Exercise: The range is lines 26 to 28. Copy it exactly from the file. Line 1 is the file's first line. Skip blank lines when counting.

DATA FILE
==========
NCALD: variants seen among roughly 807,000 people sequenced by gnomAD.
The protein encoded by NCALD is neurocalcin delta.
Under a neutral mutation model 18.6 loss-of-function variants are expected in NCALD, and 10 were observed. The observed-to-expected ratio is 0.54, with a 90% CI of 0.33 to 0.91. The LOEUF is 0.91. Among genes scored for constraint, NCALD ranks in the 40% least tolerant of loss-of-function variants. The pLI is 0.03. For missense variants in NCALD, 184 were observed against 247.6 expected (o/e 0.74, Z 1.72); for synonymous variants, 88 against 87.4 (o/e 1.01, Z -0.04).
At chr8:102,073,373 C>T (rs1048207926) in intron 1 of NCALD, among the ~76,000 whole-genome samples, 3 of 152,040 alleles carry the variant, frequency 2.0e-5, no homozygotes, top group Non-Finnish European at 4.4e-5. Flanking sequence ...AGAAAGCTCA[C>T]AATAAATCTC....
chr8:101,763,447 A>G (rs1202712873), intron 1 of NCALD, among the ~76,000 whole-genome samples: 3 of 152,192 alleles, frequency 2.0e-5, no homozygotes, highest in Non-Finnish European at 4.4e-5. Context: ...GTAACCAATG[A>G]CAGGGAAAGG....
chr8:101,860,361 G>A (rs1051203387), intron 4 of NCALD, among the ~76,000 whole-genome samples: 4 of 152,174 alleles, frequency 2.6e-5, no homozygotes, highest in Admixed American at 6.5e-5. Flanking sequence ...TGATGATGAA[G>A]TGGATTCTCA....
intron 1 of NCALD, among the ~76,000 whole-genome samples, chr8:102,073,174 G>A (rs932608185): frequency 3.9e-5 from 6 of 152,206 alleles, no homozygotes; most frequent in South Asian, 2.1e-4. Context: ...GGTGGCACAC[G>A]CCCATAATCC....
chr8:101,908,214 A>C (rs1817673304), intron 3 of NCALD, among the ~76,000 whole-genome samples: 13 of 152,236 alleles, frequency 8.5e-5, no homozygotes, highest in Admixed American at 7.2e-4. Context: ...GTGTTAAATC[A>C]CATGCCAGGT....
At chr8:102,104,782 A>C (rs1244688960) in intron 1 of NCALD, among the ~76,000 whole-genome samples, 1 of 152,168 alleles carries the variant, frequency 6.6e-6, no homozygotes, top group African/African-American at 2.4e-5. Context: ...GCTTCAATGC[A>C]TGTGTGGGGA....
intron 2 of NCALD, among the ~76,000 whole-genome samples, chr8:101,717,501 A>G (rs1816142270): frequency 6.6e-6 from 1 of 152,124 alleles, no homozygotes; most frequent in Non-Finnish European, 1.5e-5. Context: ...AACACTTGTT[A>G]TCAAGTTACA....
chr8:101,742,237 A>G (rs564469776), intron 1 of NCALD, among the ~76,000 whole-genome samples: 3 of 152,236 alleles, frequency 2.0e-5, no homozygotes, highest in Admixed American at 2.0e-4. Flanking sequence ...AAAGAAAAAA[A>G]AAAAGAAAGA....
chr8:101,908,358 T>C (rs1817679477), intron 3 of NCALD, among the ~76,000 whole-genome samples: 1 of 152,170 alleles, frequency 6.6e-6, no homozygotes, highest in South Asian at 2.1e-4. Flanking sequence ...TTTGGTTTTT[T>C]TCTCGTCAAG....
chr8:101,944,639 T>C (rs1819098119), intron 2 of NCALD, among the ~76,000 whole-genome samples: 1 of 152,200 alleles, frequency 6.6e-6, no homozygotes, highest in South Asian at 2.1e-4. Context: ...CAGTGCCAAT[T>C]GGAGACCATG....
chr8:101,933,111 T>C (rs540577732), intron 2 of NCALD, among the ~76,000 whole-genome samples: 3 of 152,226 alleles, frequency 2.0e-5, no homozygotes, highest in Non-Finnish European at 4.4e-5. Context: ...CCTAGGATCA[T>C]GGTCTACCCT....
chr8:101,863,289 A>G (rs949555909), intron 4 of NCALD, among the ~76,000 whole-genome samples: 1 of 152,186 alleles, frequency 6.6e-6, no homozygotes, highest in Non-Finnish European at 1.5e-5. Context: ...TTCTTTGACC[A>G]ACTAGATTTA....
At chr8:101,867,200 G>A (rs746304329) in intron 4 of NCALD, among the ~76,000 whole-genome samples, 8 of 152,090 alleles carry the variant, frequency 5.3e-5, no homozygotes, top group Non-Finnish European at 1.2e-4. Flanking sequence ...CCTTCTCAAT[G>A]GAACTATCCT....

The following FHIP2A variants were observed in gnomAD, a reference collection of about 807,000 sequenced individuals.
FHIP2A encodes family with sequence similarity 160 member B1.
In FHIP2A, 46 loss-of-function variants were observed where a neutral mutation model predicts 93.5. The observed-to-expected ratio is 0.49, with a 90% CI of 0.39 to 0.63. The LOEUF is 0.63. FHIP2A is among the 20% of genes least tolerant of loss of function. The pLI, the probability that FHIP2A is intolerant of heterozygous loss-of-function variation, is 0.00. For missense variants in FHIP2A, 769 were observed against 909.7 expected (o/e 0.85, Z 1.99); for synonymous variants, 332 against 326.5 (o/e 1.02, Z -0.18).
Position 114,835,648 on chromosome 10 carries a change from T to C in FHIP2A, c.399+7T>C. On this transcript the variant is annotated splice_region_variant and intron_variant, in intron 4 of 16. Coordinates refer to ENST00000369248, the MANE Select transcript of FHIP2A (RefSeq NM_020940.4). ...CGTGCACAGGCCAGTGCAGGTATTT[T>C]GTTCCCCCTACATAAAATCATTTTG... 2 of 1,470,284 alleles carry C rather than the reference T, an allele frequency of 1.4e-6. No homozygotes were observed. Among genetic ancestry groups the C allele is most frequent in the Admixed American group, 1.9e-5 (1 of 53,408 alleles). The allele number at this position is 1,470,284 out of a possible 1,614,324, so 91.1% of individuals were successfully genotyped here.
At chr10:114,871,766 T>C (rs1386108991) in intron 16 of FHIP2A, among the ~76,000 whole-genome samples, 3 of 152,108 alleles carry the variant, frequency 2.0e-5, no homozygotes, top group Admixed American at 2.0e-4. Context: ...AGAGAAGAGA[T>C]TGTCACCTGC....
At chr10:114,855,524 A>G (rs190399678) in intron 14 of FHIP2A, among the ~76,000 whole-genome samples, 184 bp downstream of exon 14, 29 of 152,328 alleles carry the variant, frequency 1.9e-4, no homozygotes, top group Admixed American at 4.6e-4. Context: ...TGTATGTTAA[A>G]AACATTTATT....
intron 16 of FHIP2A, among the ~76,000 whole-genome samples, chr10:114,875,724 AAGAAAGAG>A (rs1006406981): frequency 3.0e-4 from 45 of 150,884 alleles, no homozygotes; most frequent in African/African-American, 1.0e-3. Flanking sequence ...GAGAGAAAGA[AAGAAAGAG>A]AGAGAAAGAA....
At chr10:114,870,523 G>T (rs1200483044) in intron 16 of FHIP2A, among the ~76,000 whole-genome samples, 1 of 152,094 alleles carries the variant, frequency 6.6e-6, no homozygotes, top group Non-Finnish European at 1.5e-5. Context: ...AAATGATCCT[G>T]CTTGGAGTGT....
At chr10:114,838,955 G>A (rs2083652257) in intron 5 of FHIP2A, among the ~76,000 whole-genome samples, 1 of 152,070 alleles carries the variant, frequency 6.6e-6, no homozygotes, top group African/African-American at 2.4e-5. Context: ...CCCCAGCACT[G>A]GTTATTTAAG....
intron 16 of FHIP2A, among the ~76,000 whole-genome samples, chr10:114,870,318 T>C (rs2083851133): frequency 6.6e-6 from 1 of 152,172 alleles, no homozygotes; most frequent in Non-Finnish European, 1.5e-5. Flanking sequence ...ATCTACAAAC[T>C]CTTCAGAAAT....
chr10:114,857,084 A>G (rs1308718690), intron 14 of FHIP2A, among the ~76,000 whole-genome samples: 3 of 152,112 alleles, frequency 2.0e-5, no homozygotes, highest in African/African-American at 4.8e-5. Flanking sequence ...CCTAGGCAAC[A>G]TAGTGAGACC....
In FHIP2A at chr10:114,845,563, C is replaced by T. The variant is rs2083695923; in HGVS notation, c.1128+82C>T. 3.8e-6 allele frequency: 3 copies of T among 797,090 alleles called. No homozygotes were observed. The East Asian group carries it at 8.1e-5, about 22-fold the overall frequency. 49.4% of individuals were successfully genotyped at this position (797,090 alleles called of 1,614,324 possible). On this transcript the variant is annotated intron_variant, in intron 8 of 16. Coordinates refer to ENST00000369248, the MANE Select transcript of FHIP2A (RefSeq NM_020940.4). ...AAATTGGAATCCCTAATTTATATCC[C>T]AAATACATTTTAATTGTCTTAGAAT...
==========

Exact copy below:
intron 16 of FHIP2A, among the ~76,000 whole-genome samples, chr10:114,870,318 T>C (rs2083851133): frequency 6.6e-6 from 1 of 152,172 alleles, no homozygotes; most frequent in Non-Finnish European, 1.5e-5. Flanking sequence ...ATCTACAAAC[T>C]CTTCAGAAAT....
chr10:114,857,084 A>G (rs1308718690), intron 14 of FHIP2A, among the ~76,000 whole-genome samples: 3 of 152,112 alleles, frequency 2.0e-5, no homozygotes, highest in African/African-American at 4.8e-5. Flanking sequence ...CCTAGGCAAC[A>G]TAGTGAGACC....
In FHIP2A at chr10:114,845,563, C is replaced by T. The variant is rs2083695923; in HGVS notation, c.1128+82C>T. 3.8e-6 allele frequency: 3 copies of T among 797,090 alleles called. No homozygotes were observed. The East Asian group carries it at 8.1e-5, about 22-fold the overall frequency. 49.4% of individuals were successfully genotyped at this position (797,090 alleles called of 1,614,324 possible). On this transcript the variant is annotated intron_variant, in intron 8 of 16. Coordinates refer to ENST00000369248, the MANE Select transcript of FHIP2A (RefSeq NM_020940.4). ...AAATTGGAATCCCTAATTTATATCC[C>T]AAATACATTTTAATTGTCTTAGAAT...